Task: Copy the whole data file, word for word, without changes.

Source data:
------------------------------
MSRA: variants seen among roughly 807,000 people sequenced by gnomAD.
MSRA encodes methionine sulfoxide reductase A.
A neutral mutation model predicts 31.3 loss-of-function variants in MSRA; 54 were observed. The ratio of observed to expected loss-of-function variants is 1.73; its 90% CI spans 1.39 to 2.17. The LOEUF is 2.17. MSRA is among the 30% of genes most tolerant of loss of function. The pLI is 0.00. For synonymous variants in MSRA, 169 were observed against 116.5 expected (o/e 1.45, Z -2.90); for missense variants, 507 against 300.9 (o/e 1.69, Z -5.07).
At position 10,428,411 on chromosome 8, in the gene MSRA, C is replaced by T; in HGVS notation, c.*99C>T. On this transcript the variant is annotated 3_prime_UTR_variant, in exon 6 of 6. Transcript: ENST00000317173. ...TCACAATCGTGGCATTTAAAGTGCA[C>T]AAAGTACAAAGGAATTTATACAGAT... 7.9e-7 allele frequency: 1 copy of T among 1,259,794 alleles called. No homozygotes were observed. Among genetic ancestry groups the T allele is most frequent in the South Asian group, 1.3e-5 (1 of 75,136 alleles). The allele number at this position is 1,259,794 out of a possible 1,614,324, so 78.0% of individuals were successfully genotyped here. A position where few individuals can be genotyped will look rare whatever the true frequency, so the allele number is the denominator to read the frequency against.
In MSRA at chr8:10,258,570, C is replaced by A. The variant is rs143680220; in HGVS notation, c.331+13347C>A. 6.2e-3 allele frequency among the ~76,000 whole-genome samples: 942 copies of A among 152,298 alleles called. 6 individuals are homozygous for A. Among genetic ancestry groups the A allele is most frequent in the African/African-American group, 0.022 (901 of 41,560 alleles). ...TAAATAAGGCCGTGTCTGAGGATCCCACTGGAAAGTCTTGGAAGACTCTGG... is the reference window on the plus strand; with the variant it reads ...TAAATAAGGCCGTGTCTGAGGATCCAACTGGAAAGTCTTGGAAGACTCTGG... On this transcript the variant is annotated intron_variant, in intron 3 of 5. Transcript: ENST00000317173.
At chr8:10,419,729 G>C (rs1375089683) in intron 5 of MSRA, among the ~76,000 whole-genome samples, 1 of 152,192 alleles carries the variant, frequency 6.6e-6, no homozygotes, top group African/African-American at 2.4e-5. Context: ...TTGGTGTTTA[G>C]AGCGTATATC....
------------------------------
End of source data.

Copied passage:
MSRA: variants seen among roughly 807,000 people sequenced by gnomAD.
MSRA encodes methionine sulfoxide reductase A.
A neutral mutation model predicts 31.3 loss-of-function variants in MSRA; 54 were observed. The ratio of observed to expected loss-of-function variants is 1.73; its 90% CI spans 1.39 to 2.17. The LOEUF is 2.17. MSRA is among the 30% of genes most tolerant of loss of function. The pLI is 0.00. For synonymous variants in MSRA, 169 were observed against 116.5 expected (o/e 1.45, Z -2.90); for missense variants, 507 against 300.9 (o/e 1.69, Z -5.07).
At position 10,428,411 on chromosome 8, in the gene MSRA, C is replaced by T; in HGVS notation, c.*99C>T. On this transcript the variant is annotated 3_prime_UTR_variant, in exon 6 of 6. Transcript: ENST00000317173. ...TCACAATCGTGGCATTTAAAGTGCA[C>T]AAAGTACAAAGGAATTTATACAGAT... 7.9e-7 allele frequency: 1 copy of T among 1,259,794 alleles called. No homozygotes were observed. Among genetic ancestry groups the T allele is most frequent in the South Asian group, 1.3e-5 (1 of 75,136 alleles). The allele number at this position is 1,259,794 out of a possible 1,614,324, so 78.0% of individuals were successfully genotyped here. A position where few individuals can be genotyped will look rare whatever the true frequency, so the allele number is the denominator to read the frequency against.
In MSRA at chr8:10,258,570, C is replaced by A. The variant is rs143680220; in HGVS notation, c.331+13347C>A. 6.2e-3 allele frequency among the ~76,000 whole-genome samples: 942 copies of A among 152,298 alleles called. 6 individuals are homozygous for A. Among genetic ancestry groups the A allele is most frequent in the African/African-American group, 0.022 (901 of 41,560 alleles). ...TAAATAAGGCCGTGTCTGAGGATCCCACTGGAAAGTCTTGGAAGACTCTGG... is the reference window on the plus strand; with the variant it reads ...TAAATAAGGCCGTGTCTGAGGATCCAACTGGAAAGTCTTGGAAGACTCTGG... On this transcript the variant is annotated intron_variant, in intron 3 of 5. Transcript: ENST00000317173.
At chr8:10,419,729 G>C (rs1375089683) in intron 5 of MSRA, among the ~76,000 whole-genome samples, 1 of 152,192 alleles carries the variant, frequency 6.6e-6, no homozygotes, top group African/African-American at 2.4e-5. Context: ...TTGGTGTTTA[G>C]AGCGTATATC....